Wander Franco to Play for Dominican Republic Team for Olympic Qualifing Tournament

Wander Franco is hoping to hit the field at the 2020 Tokyo Games.

The 19-year-old Dominican professional baseball shortstop in the Tampa Bay Raysorganization, the top prospect in Major League Baseball, and longtime star Jose Bautista plan to play for the Dominican Republic as the country tries to qualify for the Olympics later this month, according to ESPN.

Wander Franco

Franco, who turned 19 on Sunday, would strengthen a Dominican team jockeying for one of the remaining two qualifying spots in baseball’s return to the Olympics after a 12-year hiatus. He and Bautista, 39, would round out a roster that faces strong competition at the Americas Qualifying Eventon March 22-26 in Tempe and Surprise, Arizona.

Among the teams vying to win the tournament and its single qualifying spot: The Dominican Republic, the United States, Canada, Colombia, Cuba, Nicaragua, Puerto Rico and Venezuela. 

The winner will join host nation Japan, Israel, Mexico and South Korea, who already have qualified, while the second- and third-place teams at the event will have an opportunity to lock up the sixth spot at the final qualifying tournament. 

Originally scheduled to be held in Taiwan from April 1-5, the tournament was postponed Sunday because of coronavirus fears until June 17-21 — barely a month before the Tokyo Games’ opening ceremony.

The additions of Franco and Arizona Diamondbacksinfielder Geraldo Perdomo, 20, to the Dominican roster will give the team perhaps the most dynamic middle infield in the tournament. Franco is a transcendent talent who evaluators believe could play in the major leagues today — a powerful, speedy, contact-oriented switch hitter whose slick glove and strong arm allow him to patrol shortstop with aplomb.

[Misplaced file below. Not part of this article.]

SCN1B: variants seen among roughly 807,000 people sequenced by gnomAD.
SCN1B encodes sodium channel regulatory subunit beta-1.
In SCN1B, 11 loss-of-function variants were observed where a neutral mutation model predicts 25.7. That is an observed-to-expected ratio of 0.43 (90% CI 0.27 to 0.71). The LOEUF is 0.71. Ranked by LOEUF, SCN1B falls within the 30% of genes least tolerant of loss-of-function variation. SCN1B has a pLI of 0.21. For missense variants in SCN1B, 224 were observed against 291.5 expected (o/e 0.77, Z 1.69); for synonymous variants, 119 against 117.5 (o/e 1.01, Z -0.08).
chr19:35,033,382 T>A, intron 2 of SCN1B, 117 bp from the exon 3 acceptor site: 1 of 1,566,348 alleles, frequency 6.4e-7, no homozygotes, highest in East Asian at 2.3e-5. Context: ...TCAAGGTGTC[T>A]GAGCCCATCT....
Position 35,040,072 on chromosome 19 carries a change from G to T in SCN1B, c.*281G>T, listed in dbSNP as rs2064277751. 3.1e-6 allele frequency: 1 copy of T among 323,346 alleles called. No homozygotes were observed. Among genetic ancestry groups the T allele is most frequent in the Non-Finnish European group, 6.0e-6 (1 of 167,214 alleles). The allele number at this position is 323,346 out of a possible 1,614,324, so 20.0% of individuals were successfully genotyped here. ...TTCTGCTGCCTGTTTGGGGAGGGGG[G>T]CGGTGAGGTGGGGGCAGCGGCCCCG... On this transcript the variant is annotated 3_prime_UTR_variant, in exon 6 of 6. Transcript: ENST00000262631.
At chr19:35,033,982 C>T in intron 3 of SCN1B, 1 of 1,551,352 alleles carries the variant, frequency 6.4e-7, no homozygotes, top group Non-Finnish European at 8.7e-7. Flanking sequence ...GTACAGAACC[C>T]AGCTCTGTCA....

While not as highly touted, the 6-foot-3, 190-pound Perdomo is an elite athlete whose eye and bat-to-ball talents were rare for someone who played all of last season at 19. A natural shortstop, he played about half his games during the Arizona Fall League at second base and will return there for the Dominican team.

Bautista is expected to play first base, a position he manned 30 times in more than 1,650 major league games during which he hit 344 home runs and drove in nearly 1,000 runs. He last played in the major leagues in 2018, though he spent this winter working out as a pitcher in hopes of returning as a two-way player, sources said. Bautista, who represented the D.R. in the 2009 and 2017 World Baseball Classic, may not pitch in the qualifier but is expected to play a significant role as the D.R. faces Puerto Rico, the United States and Nicaragua during the tournament’s round-robin first round. The two best teams from each four-team pool will face off in a final round that awards the winner and keeps the second- and third-place teams alive.